A protester is held back from Palestinians at an Al-Quds rally is held at Queen's Park in Toronto on Saturday, August 18, 2012. Jewish Groups gathered as a counter-protest and clashes broke out between the two sides.
Credits: Veronica Henri/QMI Agency
TORONTO -- Police may have been "overzealous" in their handling of two Jewish protesters during an anti-Israel rally on the lawn of the provincial legislature last Saturday, says the Canadian Civil Liberties Association.
Spokeswoman Noa Mendelsohn Aviv said Tuesday there may have been a "problematic" double standard on the part of officers who allegedly threatened to charge a Jewish man who arrived at an Al-Quds Day rally carrying a large Israeli flag, as well as officers who allegedly handcuffed another man for bringing his dog to the Islamic demonstration.
"It appears, based on these incidents, that the police were being overzealous in their reactions to counter-protesters," Aviv said. "Toronto police need to exercise their authority to protect both the rights of protestors and of counter-protesters, who also have a right to express their opinions and to use public space for this purpose."
Al-Quds Day was started in Iran to mark the end of Ramadan and to call for the destruction of Israel and the creation of a Palestinian state.
Following Saturday's rally, video footage surfaced of a Jewish protester who rode up to the rally on a bike carrying a large Israeli flag.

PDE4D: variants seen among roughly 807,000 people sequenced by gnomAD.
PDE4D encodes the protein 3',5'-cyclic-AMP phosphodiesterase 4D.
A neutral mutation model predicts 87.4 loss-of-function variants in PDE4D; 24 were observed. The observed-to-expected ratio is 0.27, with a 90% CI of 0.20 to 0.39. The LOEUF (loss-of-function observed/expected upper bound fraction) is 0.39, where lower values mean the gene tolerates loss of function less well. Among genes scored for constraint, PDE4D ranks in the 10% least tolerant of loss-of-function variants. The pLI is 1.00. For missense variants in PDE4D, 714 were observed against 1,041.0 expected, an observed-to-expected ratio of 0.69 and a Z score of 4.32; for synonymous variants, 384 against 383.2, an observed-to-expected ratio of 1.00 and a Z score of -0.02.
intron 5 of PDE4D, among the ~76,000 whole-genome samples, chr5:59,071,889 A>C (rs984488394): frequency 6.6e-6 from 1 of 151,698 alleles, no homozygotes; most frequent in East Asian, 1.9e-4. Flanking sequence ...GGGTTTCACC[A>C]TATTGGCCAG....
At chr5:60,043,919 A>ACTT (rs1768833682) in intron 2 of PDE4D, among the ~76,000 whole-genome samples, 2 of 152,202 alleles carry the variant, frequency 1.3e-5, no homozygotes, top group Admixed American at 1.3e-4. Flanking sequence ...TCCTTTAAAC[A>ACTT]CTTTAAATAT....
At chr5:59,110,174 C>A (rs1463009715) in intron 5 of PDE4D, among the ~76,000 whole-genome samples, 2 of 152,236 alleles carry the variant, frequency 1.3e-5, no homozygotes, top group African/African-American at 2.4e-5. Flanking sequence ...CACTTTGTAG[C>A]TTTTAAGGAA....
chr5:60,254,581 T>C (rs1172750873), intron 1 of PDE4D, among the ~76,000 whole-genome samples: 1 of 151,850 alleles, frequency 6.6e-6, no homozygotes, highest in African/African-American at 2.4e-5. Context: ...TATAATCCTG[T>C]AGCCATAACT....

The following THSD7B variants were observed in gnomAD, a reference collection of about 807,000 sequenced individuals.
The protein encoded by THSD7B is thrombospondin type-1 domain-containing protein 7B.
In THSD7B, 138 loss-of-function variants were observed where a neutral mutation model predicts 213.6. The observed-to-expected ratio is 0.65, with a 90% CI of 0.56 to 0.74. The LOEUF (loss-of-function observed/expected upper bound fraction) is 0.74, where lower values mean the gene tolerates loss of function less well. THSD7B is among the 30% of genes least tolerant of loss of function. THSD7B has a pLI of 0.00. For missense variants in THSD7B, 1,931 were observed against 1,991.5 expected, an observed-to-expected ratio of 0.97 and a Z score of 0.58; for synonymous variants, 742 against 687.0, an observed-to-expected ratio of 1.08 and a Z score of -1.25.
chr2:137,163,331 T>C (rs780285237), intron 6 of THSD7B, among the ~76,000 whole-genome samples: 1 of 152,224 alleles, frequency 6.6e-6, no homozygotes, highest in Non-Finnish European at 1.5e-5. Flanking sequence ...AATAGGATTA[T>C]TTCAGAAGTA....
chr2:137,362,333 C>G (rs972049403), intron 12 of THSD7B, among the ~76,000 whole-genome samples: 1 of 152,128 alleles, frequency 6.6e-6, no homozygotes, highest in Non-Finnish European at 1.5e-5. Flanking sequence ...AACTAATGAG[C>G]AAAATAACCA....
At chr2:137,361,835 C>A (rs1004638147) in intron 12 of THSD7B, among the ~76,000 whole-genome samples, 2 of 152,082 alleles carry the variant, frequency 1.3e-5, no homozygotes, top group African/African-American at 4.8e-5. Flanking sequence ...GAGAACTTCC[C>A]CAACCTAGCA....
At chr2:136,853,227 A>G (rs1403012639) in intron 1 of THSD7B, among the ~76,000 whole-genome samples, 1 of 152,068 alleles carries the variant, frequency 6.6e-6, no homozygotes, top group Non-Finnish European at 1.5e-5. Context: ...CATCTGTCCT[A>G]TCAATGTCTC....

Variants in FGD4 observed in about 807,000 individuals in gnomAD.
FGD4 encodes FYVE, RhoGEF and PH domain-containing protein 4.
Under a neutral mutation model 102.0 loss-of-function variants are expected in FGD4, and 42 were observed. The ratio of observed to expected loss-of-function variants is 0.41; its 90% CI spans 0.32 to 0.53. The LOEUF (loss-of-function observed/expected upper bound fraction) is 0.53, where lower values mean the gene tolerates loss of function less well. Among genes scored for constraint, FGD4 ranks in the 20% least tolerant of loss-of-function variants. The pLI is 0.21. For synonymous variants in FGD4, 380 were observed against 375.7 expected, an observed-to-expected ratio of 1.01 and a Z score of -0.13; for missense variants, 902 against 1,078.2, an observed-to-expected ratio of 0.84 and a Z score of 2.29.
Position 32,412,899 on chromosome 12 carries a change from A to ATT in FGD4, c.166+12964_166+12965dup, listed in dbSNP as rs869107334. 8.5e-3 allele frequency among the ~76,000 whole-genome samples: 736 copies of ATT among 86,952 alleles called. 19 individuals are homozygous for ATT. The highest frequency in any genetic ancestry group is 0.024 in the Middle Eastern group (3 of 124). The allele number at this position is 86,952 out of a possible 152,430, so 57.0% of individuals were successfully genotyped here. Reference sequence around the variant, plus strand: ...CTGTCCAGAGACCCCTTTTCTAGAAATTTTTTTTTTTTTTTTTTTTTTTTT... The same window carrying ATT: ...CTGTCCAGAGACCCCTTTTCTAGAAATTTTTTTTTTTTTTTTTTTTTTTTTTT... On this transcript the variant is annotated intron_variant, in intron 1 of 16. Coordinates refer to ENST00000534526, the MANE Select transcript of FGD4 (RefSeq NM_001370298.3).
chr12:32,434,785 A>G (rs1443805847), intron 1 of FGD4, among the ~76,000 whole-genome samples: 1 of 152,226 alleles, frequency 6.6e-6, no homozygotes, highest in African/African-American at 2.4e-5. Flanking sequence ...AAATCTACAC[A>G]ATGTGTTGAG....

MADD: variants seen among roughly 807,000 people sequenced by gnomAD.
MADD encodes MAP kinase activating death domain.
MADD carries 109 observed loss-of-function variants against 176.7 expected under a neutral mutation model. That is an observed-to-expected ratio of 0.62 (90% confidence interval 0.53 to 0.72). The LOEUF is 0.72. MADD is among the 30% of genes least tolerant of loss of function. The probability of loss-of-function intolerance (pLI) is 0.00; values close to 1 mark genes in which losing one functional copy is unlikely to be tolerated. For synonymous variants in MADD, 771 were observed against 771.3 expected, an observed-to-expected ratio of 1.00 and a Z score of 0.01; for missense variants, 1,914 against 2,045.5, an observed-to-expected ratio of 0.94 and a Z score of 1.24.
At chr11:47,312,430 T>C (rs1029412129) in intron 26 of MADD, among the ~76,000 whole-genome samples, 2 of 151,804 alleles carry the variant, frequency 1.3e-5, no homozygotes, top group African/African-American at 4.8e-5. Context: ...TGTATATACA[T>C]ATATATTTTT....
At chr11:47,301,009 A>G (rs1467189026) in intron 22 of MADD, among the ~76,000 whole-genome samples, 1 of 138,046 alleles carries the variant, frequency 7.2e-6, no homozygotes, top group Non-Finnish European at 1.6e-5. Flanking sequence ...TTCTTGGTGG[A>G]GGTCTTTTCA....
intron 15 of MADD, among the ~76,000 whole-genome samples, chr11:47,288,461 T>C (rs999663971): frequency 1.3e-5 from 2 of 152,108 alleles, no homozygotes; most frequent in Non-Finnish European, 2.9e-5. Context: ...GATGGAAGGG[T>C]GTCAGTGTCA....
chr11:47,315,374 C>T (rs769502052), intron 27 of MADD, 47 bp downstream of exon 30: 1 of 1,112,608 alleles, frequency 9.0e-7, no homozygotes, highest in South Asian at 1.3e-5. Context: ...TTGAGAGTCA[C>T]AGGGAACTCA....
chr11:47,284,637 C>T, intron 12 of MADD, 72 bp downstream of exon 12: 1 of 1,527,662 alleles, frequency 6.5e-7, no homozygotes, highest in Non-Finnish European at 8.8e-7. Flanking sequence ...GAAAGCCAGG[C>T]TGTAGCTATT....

In the video, the cyclist claims officers told him to move farther away from the demonstration, and later to put away his flag or face a charge of inciting a riot. Meanwhile, various other videos show Al-Quds demonstrators waving Palestinian flags.
In a separate incident, businessman Allan Einstoss -- also Jewish -- was handcuffed following a scuffle with Muslim demonstrators who were upset he had brought his large English mastiff to the rally.
While police insist he was arrested strictly for the dust-up, Einstoss claims an officer called him insensitive for bringing a dog to such a rally, considering some devout Muslims consider dogs to be unclean. Einstoss claims he was threatened with a charge of incite to riot, as well as assault. He was released after agreeing to leave Queen's Park.
"Any police officer who thinks these (incidents) are incitement to riot is loony," said lawyer Clayton Ruby.
Const. Victor Kwong insisted officers had a "very pleasant exchange" with the flag-waving cyclist.
He added police advised him to not ride his bike on the sidewalk, and recommended he not try to "lead the Al-Quds march on his bike with the flag."